For most intents and purposes, the state of Oklahoma has completely opposed implementation of the Affordable Care Act. From Sarah Kliff at the Washington Post Wonk Blog:

The state will not build an exchange, nor will it expand Medicaid. It sued the federal government to repeal the law altogether and once returned a $54.6 million grant to “stop the implementation of the president’s federal health care exchange.”

However, less noticed has been the way Oklahoma has joined dozens of other states in using funds from the Affordable Care Act for its Medicaid program. Via Kliff:

More quietly though, Oklahoma has accepted an influx of Obamacare dollars to digitize SoonerCare, the state’s Medicaid program. That means, even without expanding Medicaid, Oklahoma is using health reform funds to hugely overhaul how it serves the state’s lowest-income patients.

Using the federal dollars, Oklahoma has built technologies that allow patients to submit scanned documents online, rather than dropping a form in the mailbox. The state increased data sharing with its WIC program, so that local health offices might not need to ask for the same eligibility information twice.

At a time when most Medicaid applications are still submitted as paper forms, 95 percent of Oklahoma’s applications are submitted online.

The health reform dollars “have given us the ability to really build an infrastructure,” said Nico Gomez, deputy chief executive officer of the Oklahoma Health Care Authority. “It’s allowed us to develop the technologies that are responsive to our members and their needs.”

Oklahoma is not alone. While only 22 states have committed to the Medicaid expansion, a new Kaiser Family Foundation report shows that 47 have pursued a new pot of Obamacare dollars meant to fund improvements in Medicaid information technology.

“In 2014, the application process will no longer begin with paper,” said Cindy Mann, director of the Center for Medicaid and the Children’s Health Insurance Program. “People in every state will be able to apply for Medicaid online through one coordinated program.”

In other words, states like Oklahoma have opposed implementation of Obamacare, but at the same time are using funds from Obamacare to improve their states. The federal government is covering 90% of the costs of upgrades, according to Kliff, but that will drop to 50% matching in 2015.

However, this is not a clear-cut case of hypocrisy. Kliff points out that the infrastructure upgrades are mandatory:

While states have balked at the Medicaid expansion, the infrastructure dollars have proved more palatable. That likely has a lot to do with the infrastructure upgrades being mandatory, no matter what a state decides on the Medicaid expansion.

What do you think, Patriots? Should Oklahoma and its fellow opponents of the implementation of Obamacare use federal funds to upgrade their health care infrastructures? We know the history of such funding tends to give the federal government more hooks into state control of its citizens. On the other hand, such infrastructure updates are expensive, and since the federal government is requiring it, why not use federal funds for the upgrades?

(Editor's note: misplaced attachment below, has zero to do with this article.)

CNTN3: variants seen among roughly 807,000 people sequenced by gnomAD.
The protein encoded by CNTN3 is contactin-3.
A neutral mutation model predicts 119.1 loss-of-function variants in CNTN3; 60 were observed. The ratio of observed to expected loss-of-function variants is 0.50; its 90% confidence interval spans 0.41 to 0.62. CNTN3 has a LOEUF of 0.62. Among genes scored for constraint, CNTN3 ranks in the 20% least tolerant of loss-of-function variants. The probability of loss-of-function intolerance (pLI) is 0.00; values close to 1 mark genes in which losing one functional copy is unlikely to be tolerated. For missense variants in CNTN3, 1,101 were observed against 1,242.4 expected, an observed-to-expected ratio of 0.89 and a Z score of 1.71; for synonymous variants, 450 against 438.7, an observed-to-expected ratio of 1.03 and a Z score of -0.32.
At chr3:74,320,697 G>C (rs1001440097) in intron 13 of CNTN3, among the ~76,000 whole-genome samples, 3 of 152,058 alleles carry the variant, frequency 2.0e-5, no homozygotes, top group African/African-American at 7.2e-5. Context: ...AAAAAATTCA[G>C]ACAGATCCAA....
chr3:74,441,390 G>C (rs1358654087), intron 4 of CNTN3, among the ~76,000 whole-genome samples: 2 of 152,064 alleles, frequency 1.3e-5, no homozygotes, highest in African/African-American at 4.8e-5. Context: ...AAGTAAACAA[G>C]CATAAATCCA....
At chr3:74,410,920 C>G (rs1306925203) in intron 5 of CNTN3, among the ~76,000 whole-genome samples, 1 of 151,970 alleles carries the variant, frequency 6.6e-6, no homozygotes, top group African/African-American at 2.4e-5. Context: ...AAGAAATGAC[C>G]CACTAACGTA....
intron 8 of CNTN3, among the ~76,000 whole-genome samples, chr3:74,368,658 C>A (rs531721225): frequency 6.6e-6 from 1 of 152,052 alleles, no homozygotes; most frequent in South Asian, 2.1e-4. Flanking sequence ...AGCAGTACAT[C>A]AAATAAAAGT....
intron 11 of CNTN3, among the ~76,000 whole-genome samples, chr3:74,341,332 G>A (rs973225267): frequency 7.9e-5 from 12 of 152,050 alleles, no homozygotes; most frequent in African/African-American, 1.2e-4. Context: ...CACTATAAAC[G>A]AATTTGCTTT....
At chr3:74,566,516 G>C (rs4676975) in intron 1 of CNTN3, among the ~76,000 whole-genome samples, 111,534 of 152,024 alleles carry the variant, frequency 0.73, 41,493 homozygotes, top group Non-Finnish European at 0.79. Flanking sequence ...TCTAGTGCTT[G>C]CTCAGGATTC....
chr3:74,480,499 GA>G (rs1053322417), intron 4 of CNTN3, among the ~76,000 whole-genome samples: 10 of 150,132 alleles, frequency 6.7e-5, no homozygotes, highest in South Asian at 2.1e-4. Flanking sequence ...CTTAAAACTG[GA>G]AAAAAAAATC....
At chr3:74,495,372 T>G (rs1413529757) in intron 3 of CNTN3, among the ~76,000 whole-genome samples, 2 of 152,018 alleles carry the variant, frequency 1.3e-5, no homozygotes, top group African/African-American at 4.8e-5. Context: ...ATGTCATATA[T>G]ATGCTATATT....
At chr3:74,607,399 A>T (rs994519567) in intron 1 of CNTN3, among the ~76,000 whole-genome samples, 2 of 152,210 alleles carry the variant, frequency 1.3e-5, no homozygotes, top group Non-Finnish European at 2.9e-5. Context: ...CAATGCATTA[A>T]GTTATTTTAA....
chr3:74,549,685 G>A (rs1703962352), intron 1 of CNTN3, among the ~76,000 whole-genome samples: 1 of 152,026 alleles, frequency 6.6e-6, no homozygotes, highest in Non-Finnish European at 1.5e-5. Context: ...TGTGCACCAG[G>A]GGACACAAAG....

Tea Party Patriots reached out to Oklahoma Governor Mary Fallin’s press office for comment on this issue, but multiple requests for comment were not returned. If we receive a response from her office, we will update the post.

Update: Alex Weintz, Governor Fallin’s Communications Director, sent Tea Party Patriots the following comment this afternoon:

“The Washington Post ‘Wonk Blog’ entry is misleading because it ignores two important facts: First, the grant monies used to pay for Medicaid infrastructure were applied for by the Oklahoma Health Care Authority in 2007, before President Obama ‘s administration or, for that matter, Governor Fallin’s.

“Second, if one conflates ‘implementing Obamacare’ with accepting funds for Medicaid operations, as this author does, than all 50 states are ‘implementing Obamacare.’ The Affordable Care Act is a sweeping and all-consuming law that affects the federal funding formulas and implementation of health programs in place long before President Obama entered the White House, including Medicaid. The law determines how these programs are funded, therefore one could conceivably (although misleadingly) argue that a state accepting Medicaid dollars of any kind is in fact implementing some component of the ACA.

“The reality is that Oklahoma has refused to participate in the two significant reforms offered by Obamacare: the health insurance exchange and the Medicaid expansion. Governor Fallin has no interest in helping the president implement the ACA, because the law is  unaffordable and unworkable. She is not, however, going to direct her agencies to refuse federal dollars needed to fund longstanding programs simply because President Obama is in the White House.”